The other day, I was in Ann Arbor and at Comet Coffee in Nickels Arcade– it’s next to the place where I get my hair cut, and they do make a really good cup of coffee. Anyway, they had the syringe-like AeroPress for sale. I think I had read about it someplace– boing-boing maybe?– and I was sucked in by the hyperbole on the side of the box.
Now, I do like the AeroPress quite a bit. I wanted something to make just a cup or two of coffee at a time, and my French press is a bit of a pain to clean. What I like about the AeroPress is that it’s quick, easy, and even kind of fun to use, it makes a good single cup of coffee (well, sort of an Americano; one of these days, I might just try to “drink it straight” as if it were real espresso, or figure out a way to froth up some milk to make cappuccino), and it takes like 15 seconds to clean. Plus it’s very portable– comes with a travel bag no less!
But some of the hyperbolic claims made on the side of the box and on the AeroPress web site are down-right bizarre. For example:
“It makes the absolute best cup of coffee I’ve tasted in my entire life.” Lewis Singer – Cooks Junction
“I didn’t know the same coffee could taste so good.” Peter Whitely – Sunset Magazine
“A couple of years ago I bought a $1500 espresso machine. It works well – but it doesn’t turn out the consistent quality of the AeroPress. Now I use the AeroPress for ALL brewing and only use my expensive Italian machine for heating the AeroPress water and for foaming milk for my cappuccino.”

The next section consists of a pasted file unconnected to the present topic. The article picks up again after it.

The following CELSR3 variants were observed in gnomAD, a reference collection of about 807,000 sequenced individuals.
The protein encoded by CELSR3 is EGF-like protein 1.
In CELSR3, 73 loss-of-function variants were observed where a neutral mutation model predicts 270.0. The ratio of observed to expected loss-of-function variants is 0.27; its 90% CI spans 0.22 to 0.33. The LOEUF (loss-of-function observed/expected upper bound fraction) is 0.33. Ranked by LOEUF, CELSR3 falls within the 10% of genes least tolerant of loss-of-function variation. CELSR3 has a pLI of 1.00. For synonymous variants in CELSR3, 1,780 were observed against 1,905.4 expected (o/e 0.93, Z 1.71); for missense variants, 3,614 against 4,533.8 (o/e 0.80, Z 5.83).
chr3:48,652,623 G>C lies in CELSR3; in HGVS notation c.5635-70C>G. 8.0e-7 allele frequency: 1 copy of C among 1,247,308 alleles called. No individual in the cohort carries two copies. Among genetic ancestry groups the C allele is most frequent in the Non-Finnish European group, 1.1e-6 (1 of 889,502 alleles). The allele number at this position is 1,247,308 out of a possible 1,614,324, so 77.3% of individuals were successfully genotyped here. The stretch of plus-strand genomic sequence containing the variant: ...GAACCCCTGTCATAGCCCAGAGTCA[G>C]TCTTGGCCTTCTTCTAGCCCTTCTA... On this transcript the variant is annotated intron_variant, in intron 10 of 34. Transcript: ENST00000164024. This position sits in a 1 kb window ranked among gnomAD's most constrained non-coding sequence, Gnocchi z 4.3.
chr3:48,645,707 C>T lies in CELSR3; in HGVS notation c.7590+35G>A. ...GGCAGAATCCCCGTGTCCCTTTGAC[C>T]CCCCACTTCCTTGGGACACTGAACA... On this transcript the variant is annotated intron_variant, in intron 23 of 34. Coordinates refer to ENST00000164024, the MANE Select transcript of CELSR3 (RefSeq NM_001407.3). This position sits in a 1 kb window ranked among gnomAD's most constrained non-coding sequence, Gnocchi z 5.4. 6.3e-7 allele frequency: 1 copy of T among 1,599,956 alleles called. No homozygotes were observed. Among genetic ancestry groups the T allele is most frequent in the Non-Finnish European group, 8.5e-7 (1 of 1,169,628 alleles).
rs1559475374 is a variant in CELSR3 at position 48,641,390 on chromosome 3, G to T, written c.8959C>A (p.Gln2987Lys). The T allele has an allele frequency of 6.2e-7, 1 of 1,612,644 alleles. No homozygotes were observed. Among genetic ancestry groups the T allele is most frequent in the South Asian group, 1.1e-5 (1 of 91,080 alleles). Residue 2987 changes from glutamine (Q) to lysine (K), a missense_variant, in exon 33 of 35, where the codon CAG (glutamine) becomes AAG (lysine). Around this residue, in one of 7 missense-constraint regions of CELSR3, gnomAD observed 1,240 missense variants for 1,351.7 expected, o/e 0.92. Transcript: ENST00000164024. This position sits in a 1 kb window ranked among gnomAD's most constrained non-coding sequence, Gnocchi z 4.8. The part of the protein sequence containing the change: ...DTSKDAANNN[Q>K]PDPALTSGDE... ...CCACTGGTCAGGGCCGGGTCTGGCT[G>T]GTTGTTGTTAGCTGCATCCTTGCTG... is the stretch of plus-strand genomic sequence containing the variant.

Tom Osborne – Stewarts Point , CA
Now, there are some people who do have some more coffee ethos who say good things about the AeroPress, but really? The best cup of coffee of your entire life? Better than a $1500 espresso machine? And who are these people? Should it mean something to me that it is the Lewis Singer of Cooks Junction? Are the people of Stewarts Point known for their tastes in coffee?
And yet, I was sucked in by the hyperbole. I saw the side of that box that a complete stranger with no ethos or credibility said “the best cup of coffee I’ve tasted in my entire life,” and I thought on some level “wow, let me give that thing a try.” In other words, even though the claims made by the product’s advertising were and are completely ridiculous and unreasonable, it worked on me.
So, maybe making really outrageous claims can work sometimes. And I could go for a cup of coffee, too….